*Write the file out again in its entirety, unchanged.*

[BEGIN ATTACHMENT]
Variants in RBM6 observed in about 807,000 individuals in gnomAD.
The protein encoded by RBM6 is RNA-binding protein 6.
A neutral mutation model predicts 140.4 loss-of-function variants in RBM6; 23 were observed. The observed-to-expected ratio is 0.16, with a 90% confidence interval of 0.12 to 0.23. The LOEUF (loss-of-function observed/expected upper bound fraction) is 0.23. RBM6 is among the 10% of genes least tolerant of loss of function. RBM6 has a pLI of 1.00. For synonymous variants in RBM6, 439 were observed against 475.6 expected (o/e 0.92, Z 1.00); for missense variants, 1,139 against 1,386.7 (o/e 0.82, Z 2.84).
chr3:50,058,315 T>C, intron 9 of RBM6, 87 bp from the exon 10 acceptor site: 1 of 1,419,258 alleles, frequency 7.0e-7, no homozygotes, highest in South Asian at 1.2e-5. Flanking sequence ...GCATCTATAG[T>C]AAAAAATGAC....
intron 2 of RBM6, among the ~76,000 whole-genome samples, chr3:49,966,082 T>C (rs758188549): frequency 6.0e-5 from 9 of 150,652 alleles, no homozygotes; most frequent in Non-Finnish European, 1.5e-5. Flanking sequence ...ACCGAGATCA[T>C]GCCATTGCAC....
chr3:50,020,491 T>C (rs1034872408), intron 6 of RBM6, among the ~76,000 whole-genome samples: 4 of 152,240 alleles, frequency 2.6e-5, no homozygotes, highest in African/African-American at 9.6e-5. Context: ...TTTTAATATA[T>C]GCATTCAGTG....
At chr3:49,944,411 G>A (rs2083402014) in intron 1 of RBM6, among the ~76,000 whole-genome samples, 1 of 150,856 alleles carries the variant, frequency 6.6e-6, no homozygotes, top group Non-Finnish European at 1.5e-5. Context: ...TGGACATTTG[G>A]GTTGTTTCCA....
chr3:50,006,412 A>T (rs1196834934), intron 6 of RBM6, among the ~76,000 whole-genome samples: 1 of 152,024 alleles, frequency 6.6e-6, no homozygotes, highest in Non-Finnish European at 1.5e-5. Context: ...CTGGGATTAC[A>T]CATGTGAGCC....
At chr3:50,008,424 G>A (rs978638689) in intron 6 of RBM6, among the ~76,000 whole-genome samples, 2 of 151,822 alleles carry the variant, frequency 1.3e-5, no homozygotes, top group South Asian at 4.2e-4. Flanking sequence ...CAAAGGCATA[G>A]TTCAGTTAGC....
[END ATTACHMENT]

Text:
Variants in RBM6 observed in about 807,000 individuals in gnomAD.
The protein encoded by RBM6 is RNA-binding protein 6.
A neutral mutation model predicts 140.4 loss-of-function variants in RBM6; 23 were observed. The observed-to-expected ratio is 0.16, with a 90% confidence interval of 0.12 to 0.23. The LOEUF (loss-of-function observed/expected upper bound fraction) is 0.23. RBM6 is among the 10% of genes least tolerant of loss of function. RBM6 has a pLI of 1.00. For synonymous variants in RBM6, 439 were observed against 475.6 expected (o/e 0.92, Z 1.00); for missense variants, 1,139 against 1,386.7 (o/e 0.82, Z 2.84).
chr3:50,058,315 T>C, intron 9 of RBM6, 87 bp from the exon 10 acceptor site: 1 of 1,419,258 alleles, frequency 7.0e-7, no homozygotes, highest in South Asian at 1.2e-5. Flanking sequence ...GCATCTATAG[T>C]AAAAAATGAC....
intron 2 of RBM6, among the ~76,000 whole-genome samples, chr3:49,966,082 T>C (rs758188549): frequency 6.0e-5 from 9 of 150,652 alleles, no homozygotes; most frequent in Non-Finnish European, 1.5e-5. Flanking sequence ...ACCGAGATCA[T>C]GCCATTGCAC....
chr3:50,020,491 T>C (rs1034872408), intron 6 of RBM6, among the ~76,000 whole-genome samples: 4 of 152,240 alleles, frequency 2.6e-5, no homozygotes, highest in African/African-American at 9.6e-5. Context: ...TTTTAATATA[T>C]GCATTCAGTG....
At chr3:49,944,411 G>A (rs2083402014) in intron 1 of RBM6, among the ~76,000 whole-genome samples, 1 of 150,856 alleles carries the variant, frequency 6.6e-6, no homozygotes, top group Non-Finnish European at 1.5e-5. Context: ...TGGACATTTG[G>A]GTTGTTTCCA....
chr3:50,006,412 A>T (rs1196834934), intron 6 of RBM6, among the ~76,000 whole-genome samples: 1 of 152,024 alleles, frequency 6.6e-6, no homozygotes, highest in Non-Finnish European at 1.5e-5. Context: ...CTGGGATTAC[A>T]CATGTGAGCC....
At chr3:50,008,424 G>A (rs978638689) in intron 6 of RBM6, among the ~76,000 whole-genome samples, 2 of 151,822 alleles carry the variant, frequency 1.3e-5, no homozygotes, top group South Asian at 4.2e-4. Flanking sequence ...CAAAGGCATA[G>A]TTCAGTTAGC....